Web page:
Mr. Musk’s Greater South Africa

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Elon Musk has two transportation programs, as space program, and now he’s working on a utilities program. At this point he has enough traditionally government programs to basically be a government:

For around four years now, the water supply to the city of Flint, Michigan, has been contaminated with lead. Now, Tesla and SpaceX CEO Elon Musk has promised to help. Replying to a request on Twitter, Musk pledged to fund remediation work to houses with contaminated water supplies.

Snowcrash’s future is actually one of the more pleasant ones and I don’t think that I’d mind being a citizen of Mr. Musk’s Greater South Africa. At least it’ll have a space presence, high-speed underground transportation, and clean drinking water.

Written by Christopher Burg

July 13th, 2018 at 10:00 am

Cody Wilson: 1, Department of Justice: 0

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When Cody Wilson demonstrated the futility of gun control once and for all but publishing specifications for a 3D printable handgun, the United States government was displeased. It didn’t like the idea that the language of the Second Amendment, namely the part that says “shall not be infringed,” might actually be enforceable by its subjects. In response to Wilson’s antics, the federal government tried to censor him. Wilson decided to sue on the argument that censoring 3D printer specifications was an infringement of his First Amendment rights. The Department of Justice (DoJ), the body of the government that tried to censor Wilson and got sued for its shenanigans, finally gave up:

Two months ago, the Department of Justice quietly offered Wilson a settlement to end a lawsuit he and a group of co-plaintiffs have pursued since 2015 against the United States government. Wilson and his team of lawyers focused their legal argument on a free speech claim: They pointed out that by forbidding Wilson from posting his 3-D-printable data, the State Department was not only violating his right to bear arms but his right to freely share information. By blurring the line between a gun and a digital file, Wilson had also successfully blurred the lines between the Second Amendment and the First.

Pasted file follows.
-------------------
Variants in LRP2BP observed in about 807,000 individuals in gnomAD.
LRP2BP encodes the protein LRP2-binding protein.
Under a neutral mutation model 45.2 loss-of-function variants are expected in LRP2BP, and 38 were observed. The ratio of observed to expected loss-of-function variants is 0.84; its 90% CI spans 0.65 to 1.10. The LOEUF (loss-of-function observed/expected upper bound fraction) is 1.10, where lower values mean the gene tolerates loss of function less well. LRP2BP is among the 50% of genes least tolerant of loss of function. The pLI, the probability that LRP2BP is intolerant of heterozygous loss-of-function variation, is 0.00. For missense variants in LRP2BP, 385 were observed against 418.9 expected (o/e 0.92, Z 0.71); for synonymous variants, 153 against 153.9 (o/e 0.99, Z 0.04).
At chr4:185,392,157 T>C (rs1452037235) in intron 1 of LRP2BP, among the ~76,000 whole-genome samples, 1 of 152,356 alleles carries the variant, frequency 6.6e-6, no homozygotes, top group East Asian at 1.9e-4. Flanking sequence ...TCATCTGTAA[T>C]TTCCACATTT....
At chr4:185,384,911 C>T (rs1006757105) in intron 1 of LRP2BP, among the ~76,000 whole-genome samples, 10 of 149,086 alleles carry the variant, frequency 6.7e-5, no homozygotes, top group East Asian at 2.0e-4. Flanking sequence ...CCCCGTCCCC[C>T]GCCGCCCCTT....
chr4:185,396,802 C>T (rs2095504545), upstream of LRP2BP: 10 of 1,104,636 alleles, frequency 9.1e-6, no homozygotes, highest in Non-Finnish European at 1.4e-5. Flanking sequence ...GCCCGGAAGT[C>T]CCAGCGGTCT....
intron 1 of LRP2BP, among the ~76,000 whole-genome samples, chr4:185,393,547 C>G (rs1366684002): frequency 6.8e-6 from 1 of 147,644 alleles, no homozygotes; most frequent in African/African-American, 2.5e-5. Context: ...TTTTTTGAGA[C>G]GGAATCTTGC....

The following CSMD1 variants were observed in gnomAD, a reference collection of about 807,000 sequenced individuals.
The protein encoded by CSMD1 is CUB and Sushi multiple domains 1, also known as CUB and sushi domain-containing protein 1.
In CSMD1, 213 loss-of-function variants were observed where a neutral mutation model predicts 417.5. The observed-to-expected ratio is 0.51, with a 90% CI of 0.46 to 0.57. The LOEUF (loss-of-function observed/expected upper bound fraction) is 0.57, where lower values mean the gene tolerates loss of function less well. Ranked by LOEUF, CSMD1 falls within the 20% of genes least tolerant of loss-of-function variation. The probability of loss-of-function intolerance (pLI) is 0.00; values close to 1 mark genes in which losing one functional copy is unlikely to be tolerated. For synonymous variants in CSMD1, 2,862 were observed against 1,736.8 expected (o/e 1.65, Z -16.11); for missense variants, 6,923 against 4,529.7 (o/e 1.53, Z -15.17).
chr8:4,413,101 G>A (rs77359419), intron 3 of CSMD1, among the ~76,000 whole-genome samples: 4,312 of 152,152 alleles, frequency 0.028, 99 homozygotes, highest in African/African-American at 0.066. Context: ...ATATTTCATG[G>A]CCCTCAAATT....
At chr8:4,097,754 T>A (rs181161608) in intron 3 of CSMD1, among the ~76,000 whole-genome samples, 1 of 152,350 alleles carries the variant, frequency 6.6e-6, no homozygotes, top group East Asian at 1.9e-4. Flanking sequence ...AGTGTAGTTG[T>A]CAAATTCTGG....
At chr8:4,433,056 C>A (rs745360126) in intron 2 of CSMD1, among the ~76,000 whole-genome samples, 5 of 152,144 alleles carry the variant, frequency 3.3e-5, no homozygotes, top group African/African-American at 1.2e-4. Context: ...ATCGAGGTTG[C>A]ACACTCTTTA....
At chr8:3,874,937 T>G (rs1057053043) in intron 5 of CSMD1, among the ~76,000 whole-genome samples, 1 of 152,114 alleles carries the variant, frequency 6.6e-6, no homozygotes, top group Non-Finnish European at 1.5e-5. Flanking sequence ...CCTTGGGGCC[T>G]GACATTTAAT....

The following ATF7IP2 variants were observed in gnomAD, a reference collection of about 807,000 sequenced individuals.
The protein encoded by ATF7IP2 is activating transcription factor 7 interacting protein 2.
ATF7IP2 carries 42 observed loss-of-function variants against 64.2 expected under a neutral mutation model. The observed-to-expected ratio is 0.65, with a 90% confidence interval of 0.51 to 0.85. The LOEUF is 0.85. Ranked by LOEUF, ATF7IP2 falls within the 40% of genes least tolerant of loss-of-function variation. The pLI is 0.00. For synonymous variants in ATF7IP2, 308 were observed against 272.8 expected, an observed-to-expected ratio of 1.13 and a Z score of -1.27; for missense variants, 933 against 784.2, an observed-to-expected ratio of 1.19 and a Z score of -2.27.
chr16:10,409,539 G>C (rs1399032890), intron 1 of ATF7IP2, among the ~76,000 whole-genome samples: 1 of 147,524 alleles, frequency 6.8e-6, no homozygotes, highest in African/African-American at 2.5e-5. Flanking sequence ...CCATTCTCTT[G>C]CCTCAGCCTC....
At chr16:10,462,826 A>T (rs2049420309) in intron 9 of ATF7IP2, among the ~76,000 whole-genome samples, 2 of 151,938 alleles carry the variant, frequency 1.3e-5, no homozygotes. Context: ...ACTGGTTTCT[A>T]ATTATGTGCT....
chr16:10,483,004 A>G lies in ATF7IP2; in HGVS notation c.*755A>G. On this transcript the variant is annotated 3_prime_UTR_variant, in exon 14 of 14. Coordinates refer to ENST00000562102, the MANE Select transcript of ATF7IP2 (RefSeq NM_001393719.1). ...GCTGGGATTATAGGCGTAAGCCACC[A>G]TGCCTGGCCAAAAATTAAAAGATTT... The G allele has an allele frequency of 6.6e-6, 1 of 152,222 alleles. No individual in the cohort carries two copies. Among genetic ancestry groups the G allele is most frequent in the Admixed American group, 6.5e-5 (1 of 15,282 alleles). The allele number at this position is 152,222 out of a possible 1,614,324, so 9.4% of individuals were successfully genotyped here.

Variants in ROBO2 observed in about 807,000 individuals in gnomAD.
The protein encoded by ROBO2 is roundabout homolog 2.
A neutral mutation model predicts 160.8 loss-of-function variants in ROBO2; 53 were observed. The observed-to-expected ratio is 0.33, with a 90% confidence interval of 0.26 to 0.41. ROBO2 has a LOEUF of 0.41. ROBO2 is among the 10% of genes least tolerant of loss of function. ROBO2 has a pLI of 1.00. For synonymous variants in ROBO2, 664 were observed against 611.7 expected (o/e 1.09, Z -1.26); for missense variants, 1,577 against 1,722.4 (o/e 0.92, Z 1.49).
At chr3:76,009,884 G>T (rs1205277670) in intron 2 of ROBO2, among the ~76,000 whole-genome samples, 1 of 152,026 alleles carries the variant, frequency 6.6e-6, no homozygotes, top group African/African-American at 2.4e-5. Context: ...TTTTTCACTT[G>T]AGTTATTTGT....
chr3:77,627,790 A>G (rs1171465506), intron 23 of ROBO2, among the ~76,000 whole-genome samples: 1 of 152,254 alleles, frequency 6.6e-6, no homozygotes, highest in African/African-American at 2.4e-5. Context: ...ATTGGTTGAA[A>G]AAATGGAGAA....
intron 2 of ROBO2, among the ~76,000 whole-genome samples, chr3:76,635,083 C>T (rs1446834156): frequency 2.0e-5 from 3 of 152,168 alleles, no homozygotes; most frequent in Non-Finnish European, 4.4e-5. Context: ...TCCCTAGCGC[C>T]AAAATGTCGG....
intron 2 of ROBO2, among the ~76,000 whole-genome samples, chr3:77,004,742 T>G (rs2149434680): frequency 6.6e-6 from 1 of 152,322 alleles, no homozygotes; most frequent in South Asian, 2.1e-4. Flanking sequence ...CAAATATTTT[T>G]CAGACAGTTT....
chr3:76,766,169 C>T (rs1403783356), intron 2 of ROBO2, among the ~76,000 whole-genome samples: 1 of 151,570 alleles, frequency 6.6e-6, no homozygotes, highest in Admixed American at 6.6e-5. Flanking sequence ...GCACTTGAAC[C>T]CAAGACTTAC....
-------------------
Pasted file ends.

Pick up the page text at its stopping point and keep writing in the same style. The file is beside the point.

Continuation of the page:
“If code is speech, the constitutional contradictions are evident,” Wilson explained to WIRED when he first launched the lawsuit in 2015. “So what if this code is a gun?”

The Department of Justice’s surprising settlement, confirmed in court documents earlier this month, essentially surrenders to that argument. It promises to change the export control rules surrounding any firearm below .50 caliber—with a few exceptions like fully automatic weapons and rare gun designs that use caseless ammunition—and move their regulation to the Commerce Department, which won’t try to police technical data about the guns posted on the public internet. In the meantime, it gives Wilson a unique license to publish data about those weapons anywhere he chooses.

Realistically, the DoJ had no choice by to relent. As soon as it tried to censor Wilson’s 3D printer designs, the Streisand effect kicked and ensured that the files were obtained by so many people that censorship became impossible. Beyond Wilson’s case, the DoJ was also fighting a losing battle because even if it managed to censor his designs, anybody with an Internet connection could upload their own designs. The DoJ is one agency that only has authority here in the United States. The Internet is a global communication network. The odds of a single agency winning against a global network are pretty much zilch.

Written by Christopher Burg

July 12th, 2018 at 11:00 am